“There’s very limited research on underwater prosthetics,” said McCauley, who graduated from SPC in 2011 and manages an orthotics and prosthetics practice in Nashville. “Right now, they make swim legs just so they don’t rust. There’s so much more we can do, but we need the research.”

Technology advancements in just the past decade have helped transform modern prosthetics. Today, amputees can reasonably rely on their new limbs to help them conduct daily activities. Beyond that, however, sports like diving require specialized limbs that can be costly.

“Buoyancy is a pretty big deal,” McCauley said. “When we dive, we have to get neutrally buoyant. For amputees, we have to weigh the legs down so they can stay down.”

For his part, McCauley will focus partly on able-bodied swimmers to monitor their swimming styles, propulsion of kicks and angles of feet and knees. The information will help fine tune the mechanics used in the limbs.

The rest of the Combat Wounded Veteran Challenge group will assist SCUBAnauts International, a group of high school marine science students, in cleaning, monitoring and restoring underwater coral reefs in conjunction with MOTE Marine Research Laboratory. The veterans will also mentor the youths in military-centric dive training and underwater navigation under the supervision and instruction of elite United States Army Special Forces Combat Divers.

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The Tampa Bay Times profiled St. Petersburg College’s Student Employment Project in an article earlier this month. The program’s goal is to “find employment opportunities that match the skill sets, majors and aspirations of graduating students with disabilities.”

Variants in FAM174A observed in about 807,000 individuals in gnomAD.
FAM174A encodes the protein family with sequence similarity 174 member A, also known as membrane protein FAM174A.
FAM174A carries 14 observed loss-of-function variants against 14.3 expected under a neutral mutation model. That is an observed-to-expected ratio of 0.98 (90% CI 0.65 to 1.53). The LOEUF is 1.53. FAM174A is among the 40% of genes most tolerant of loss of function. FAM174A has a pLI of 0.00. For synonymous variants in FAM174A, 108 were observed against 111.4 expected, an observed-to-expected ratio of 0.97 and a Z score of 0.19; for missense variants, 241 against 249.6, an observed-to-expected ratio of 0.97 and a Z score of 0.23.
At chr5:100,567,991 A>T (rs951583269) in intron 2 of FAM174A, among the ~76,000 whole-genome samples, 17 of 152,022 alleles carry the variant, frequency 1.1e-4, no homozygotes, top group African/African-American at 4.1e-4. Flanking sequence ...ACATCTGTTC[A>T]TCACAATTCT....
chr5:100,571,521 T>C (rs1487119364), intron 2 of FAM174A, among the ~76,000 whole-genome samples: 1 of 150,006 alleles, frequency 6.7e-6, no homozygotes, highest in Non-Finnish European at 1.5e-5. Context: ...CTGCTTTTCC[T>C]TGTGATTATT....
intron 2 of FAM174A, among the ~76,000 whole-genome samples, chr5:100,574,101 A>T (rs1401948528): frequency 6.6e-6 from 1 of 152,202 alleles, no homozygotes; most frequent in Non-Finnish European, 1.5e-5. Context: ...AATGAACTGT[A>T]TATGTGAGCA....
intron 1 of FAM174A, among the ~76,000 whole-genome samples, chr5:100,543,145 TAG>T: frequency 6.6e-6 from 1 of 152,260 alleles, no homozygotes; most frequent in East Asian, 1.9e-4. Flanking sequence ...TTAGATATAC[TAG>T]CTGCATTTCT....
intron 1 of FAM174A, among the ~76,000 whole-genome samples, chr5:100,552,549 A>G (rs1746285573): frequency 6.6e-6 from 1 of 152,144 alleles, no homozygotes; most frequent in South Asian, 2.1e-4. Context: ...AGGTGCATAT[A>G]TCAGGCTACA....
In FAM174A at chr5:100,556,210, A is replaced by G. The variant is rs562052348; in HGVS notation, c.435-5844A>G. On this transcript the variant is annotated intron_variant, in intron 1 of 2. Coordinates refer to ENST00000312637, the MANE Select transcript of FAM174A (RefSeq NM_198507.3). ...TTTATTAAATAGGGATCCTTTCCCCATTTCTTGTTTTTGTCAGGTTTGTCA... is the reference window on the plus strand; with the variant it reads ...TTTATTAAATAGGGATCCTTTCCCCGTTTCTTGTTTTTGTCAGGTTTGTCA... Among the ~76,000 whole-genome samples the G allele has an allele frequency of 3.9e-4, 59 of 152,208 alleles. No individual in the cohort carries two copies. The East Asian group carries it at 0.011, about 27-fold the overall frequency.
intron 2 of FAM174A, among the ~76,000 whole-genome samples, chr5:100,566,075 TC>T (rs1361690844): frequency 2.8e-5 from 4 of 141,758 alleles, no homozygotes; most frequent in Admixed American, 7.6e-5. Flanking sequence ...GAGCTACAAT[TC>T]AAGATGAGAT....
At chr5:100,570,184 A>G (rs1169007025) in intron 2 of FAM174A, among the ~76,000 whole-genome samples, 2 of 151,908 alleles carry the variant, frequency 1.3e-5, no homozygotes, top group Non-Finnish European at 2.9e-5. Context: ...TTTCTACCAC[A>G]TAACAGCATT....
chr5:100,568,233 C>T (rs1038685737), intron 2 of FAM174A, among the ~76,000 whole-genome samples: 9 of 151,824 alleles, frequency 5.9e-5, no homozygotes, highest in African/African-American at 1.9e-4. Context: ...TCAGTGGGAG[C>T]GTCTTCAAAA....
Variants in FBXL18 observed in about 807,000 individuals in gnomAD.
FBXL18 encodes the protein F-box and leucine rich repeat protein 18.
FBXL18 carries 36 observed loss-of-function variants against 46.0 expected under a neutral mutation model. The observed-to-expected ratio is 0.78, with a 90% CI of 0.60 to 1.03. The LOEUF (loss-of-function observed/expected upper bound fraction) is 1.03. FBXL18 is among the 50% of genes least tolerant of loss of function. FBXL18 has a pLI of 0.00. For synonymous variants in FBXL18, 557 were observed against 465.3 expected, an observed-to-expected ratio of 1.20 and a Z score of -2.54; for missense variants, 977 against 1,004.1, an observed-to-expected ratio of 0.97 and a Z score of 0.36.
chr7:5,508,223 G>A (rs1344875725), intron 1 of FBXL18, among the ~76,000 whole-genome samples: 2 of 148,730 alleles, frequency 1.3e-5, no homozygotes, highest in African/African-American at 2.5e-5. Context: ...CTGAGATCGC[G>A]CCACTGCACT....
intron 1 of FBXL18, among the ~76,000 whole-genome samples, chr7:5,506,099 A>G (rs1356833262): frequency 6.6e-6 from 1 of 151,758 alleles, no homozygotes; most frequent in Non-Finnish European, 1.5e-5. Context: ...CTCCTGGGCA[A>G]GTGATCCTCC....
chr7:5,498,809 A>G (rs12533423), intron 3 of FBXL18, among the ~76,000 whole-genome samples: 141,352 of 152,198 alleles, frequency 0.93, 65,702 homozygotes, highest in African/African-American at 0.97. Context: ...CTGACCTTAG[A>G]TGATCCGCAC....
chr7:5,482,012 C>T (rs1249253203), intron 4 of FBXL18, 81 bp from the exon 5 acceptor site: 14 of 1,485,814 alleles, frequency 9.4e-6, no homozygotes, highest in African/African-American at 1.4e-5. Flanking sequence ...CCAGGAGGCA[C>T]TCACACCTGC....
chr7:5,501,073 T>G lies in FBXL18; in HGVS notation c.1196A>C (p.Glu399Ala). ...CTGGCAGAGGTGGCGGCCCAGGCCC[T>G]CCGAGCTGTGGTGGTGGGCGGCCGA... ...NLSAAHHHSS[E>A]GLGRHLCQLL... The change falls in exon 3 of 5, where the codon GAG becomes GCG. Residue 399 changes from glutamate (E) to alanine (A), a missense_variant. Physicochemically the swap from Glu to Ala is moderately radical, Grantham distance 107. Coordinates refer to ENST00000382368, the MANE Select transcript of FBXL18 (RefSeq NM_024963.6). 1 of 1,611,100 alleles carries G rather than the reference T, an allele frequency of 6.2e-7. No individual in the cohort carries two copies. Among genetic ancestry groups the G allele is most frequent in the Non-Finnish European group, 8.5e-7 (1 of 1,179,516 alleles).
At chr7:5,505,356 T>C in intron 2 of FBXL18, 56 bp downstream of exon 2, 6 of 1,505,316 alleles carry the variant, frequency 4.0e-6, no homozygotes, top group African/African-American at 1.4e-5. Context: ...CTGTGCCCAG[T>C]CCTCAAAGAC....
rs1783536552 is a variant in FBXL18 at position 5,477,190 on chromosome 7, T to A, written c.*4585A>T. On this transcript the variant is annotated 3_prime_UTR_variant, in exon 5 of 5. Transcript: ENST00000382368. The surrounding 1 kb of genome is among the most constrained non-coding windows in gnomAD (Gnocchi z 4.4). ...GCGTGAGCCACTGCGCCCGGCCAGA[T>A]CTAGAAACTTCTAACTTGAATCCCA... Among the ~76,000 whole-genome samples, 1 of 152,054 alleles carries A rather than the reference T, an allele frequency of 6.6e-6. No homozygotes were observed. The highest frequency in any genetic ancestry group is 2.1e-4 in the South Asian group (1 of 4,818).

Kelley Ferranti, who heads the project, was interviewed for the article. “All my students are just as qualified as any other student sitting in the classroom,” she said. “They wouldn’t be here if they weren’t capable. I never want a company to hire one of my students because they have a disability. I want them to get the job because they are the best qualified.”

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When Katie Bandel was ready for college, she wasn’t so sure college was ready for her.

 Born with a visual impairment, going to school presented a number of difficulties. Her high school experience had been less than positive, and she was worried that college would be just as bad – or worse.

“I was nervous,” Bandel recalled of her decision to go to college. “In the past, I didn’t feel there had been many actions taken to accommodate my disability. In middle school and high school, some teachers were accommodating, but others didn’t seem to care. I felt like the whole disabilities issue was swept under the rug.”

 As things turned out, SPC was a good choice for her. People at the college seemed to understand what people with disabilities needed to succeed, she said.

 “I was really impressed,” she said of her first impressions at SPC. “They offered me double testing times, and equipment was available to make things easier for me.”